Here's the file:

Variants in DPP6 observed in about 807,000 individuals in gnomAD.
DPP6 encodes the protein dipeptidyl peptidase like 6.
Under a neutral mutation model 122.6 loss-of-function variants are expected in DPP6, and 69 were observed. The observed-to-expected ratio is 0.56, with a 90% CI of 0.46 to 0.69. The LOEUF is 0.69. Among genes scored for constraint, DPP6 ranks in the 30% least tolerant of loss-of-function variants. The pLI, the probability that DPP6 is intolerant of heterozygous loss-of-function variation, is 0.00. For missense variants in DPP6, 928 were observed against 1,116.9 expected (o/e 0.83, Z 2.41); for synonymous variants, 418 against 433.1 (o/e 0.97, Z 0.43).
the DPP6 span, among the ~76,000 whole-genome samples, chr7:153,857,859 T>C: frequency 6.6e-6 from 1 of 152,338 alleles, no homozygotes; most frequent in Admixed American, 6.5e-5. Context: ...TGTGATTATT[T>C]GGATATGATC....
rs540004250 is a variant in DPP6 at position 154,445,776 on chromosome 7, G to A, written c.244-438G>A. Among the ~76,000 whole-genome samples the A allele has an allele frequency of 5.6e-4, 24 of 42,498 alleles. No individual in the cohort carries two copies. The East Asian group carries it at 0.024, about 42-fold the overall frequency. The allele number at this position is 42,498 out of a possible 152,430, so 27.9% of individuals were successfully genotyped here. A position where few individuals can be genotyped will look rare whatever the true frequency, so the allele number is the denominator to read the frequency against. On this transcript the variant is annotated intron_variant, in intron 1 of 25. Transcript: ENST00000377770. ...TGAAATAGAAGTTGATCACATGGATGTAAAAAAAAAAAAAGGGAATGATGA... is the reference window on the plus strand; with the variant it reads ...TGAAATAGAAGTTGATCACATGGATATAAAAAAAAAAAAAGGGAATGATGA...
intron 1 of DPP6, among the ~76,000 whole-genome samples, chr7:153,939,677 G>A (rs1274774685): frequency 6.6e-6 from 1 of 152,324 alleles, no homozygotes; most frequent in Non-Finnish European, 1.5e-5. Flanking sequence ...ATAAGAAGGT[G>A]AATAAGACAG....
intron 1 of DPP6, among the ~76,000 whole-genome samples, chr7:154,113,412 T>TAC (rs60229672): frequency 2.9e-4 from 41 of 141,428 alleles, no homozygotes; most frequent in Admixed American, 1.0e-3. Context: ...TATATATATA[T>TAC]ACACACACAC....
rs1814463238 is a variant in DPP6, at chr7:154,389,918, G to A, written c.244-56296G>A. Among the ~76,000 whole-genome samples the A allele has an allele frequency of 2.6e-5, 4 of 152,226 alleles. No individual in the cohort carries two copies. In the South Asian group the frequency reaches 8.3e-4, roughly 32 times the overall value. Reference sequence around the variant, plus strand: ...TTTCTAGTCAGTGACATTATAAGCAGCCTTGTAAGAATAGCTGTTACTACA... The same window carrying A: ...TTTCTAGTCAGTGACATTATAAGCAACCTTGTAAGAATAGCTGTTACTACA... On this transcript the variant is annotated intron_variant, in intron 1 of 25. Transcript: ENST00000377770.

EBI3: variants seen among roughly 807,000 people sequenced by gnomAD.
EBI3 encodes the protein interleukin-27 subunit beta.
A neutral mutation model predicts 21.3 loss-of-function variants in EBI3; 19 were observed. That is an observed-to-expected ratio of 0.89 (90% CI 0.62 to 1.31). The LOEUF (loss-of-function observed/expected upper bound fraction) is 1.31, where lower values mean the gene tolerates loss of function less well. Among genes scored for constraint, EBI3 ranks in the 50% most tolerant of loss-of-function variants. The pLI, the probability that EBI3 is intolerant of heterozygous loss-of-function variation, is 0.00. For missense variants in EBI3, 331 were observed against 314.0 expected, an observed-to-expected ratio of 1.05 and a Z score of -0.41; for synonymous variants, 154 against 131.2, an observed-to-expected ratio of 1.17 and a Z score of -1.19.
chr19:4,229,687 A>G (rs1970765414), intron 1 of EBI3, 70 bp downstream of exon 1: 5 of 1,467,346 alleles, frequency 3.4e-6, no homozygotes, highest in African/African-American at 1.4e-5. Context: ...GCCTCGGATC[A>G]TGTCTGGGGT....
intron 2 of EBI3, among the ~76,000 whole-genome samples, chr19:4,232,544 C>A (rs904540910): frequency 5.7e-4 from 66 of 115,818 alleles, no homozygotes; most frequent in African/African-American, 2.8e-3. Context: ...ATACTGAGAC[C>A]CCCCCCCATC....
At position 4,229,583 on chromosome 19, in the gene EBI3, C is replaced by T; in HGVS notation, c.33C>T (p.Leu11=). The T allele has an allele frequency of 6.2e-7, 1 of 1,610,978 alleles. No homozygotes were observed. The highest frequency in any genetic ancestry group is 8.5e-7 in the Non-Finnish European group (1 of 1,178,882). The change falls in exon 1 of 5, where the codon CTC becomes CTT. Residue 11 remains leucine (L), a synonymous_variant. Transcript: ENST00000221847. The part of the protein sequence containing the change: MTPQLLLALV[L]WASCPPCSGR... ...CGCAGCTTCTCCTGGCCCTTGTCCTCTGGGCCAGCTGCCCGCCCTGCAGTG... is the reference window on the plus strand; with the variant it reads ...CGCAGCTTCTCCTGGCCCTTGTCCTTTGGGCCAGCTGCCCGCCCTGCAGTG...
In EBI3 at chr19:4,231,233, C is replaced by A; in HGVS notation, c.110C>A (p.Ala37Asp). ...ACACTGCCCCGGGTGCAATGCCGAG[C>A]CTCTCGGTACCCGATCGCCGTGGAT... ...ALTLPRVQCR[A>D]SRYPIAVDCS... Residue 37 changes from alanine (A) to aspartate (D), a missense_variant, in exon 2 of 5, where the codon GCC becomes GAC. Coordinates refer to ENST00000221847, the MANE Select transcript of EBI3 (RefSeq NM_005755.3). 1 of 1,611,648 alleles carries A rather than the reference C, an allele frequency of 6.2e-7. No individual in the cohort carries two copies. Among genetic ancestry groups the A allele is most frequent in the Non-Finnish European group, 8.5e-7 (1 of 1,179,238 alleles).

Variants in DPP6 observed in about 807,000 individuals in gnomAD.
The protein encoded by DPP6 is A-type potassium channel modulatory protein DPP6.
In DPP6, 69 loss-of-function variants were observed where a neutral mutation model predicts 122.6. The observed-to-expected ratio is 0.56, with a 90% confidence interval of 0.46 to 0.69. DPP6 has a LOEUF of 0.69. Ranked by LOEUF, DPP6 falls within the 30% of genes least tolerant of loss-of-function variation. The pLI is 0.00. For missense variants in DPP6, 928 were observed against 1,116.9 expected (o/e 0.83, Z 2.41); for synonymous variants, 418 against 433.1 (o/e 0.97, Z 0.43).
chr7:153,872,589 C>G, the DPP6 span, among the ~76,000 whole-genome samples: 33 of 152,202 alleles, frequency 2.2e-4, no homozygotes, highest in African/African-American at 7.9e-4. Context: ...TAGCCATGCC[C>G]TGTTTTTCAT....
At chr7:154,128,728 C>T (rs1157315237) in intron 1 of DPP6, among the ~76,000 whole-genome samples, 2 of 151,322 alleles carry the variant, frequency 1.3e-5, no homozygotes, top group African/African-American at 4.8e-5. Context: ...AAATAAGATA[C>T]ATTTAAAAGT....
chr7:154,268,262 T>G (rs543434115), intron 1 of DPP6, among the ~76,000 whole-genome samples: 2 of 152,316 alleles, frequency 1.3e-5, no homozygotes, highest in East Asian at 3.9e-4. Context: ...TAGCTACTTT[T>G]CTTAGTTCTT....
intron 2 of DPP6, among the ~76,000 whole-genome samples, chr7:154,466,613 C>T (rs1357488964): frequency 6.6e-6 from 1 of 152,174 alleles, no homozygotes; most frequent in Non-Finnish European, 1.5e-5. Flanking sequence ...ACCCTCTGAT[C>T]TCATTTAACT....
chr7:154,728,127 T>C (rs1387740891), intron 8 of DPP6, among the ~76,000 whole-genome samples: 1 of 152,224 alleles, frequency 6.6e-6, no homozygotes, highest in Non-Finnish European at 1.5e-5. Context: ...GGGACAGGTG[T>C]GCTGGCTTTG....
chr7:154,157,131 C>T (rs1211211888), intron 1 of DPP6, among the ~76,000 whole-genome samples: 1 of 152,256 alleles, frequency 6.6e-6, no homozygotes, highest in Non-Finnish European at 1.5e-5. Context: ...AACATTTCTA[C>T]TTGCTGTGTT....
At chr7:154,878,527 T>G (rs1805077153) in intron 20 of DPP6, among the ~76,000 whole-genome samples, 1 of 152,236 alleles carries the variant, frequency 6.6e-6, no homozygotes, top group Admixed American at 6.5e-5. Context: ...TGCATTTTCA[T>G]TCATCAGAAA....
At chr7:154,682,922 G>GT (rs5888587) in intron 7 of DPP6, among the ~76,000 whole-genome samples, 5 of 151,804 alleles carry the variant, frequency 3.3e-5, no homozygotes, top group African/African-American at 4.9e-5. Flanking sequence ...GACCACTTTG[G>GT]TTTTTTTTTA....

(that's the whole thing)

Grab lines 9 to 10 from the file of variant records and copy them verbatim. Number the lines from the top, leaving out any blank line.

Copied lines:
EBI3: variants seen among roughly 807,000 people sequenced by gnomAD.
EBI3 encodes the protein interleukin-27 subunit beta.